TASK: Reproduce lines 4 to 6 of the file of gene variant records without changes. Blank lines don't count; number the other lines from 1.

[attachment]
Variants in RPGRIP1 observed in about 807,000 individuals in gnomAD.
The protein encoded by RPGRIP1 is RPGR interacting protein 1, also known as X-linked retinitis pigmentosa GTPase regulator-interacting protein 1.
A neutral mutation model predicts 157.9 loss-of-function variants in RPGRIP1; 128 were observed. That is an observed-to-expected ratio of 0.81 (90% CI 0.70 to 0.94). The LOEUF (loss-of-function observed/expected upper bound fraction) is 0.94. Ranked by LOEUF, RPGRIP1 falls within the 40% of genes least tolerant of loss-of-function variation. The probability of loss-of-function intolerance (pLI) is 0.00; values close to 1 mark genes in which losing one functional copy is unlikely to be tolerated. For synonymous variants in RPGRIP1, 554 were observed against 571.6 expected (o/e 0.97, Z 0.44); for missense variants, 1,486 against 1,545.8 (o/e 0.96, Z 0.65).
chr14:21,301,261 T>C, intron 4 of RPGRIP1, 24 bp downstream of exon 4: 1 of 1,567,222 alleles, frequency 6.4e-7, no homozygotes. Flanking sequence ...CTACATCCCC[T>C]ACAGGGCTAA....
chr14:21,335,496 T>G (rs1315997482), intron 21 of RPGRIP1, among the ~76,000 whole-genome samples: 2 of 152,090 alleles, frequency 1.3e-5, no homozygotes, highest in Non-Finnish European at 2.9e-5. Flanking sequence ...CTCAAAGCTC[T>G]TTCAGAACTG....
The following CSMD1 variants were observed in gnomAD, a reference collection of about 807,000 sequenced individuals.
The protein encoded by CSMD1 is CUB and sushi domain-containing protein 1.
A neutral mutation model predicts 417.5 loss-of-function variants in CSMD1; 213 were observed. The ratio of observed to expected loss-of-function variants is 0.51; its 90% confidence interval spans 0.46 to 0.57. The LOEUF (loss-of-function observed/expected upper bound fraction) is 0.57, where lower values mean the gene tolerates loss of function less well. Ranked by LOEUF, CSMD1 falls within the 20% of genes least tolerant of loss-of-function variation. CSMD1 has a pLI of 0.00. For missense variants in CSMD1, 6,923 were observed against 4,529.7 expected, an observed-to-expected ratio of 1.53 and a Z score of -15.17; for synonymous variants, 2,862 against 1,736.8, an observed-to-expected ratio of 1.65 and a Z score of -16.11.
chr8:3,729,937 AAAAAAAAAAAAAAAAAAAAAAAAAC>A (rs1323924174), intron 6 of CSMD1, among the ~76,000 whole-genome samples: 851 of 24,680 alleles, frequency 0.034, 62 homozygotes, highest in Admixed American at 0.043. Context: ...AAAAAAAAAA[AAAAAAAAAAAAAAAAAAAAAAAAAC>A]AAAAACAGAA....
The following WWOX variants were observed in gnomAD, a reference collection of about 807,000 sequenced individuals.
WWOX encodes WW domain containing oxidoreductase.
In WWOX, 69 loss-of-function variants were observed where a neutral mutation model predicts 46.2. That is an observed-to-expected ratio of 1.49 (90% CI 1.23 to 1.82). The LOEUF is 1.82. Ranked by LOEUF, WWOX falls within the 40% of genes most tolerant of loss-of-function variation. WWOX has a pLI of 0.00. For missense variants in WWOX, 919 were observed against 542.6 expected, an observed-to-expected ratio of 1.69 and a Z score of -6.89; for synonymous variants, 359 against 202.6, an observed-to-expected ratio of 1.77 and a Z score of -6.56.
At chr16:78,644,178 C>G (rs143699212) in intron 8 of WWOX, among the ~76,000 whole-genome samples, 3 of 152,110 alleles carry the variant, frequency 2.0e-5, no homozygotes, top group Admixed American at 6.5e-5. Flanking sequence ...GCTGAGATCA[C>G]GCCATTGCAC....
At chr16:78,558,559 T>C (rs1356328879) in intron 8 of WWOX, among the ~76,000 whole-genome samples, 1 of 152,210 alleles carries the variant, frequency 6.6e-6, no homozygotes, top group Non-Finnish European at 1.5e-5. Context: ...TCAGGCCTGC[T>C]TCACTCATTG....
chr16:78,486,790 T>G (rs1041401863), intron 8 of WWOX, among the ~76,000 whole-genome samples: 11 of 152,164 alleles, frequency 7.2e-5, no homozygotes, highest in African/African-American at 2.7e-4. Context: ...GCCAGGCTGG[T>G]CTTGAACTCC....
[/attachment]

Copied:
chr14:21,301,261 T>C, intron 4 of RPGRIP1, 24 bp downstream of exon 4: 1 of 1,567,222 alleles, frequency 6.4e-7, no homozygotes. Flanking sequence ...CTACATCCCC[T>C]ACAGGGCTAA....
chr14:21,335,496 T>G (rs1315997482), intron 21 of RPGRIP1, among the ~76,000 whole-genome samples: 2 of 152,090 alleles, frequency 1.3e-5, no homozygotes, highest in Non-Finnish European at 2.9e-5. Flanking sequence ...CTCAAAGCTC[T>G]TTCAGAACTG....
The following CSMD1 variants were observed in gnomAD, a reference collection of about 807,000 sequenced individuals.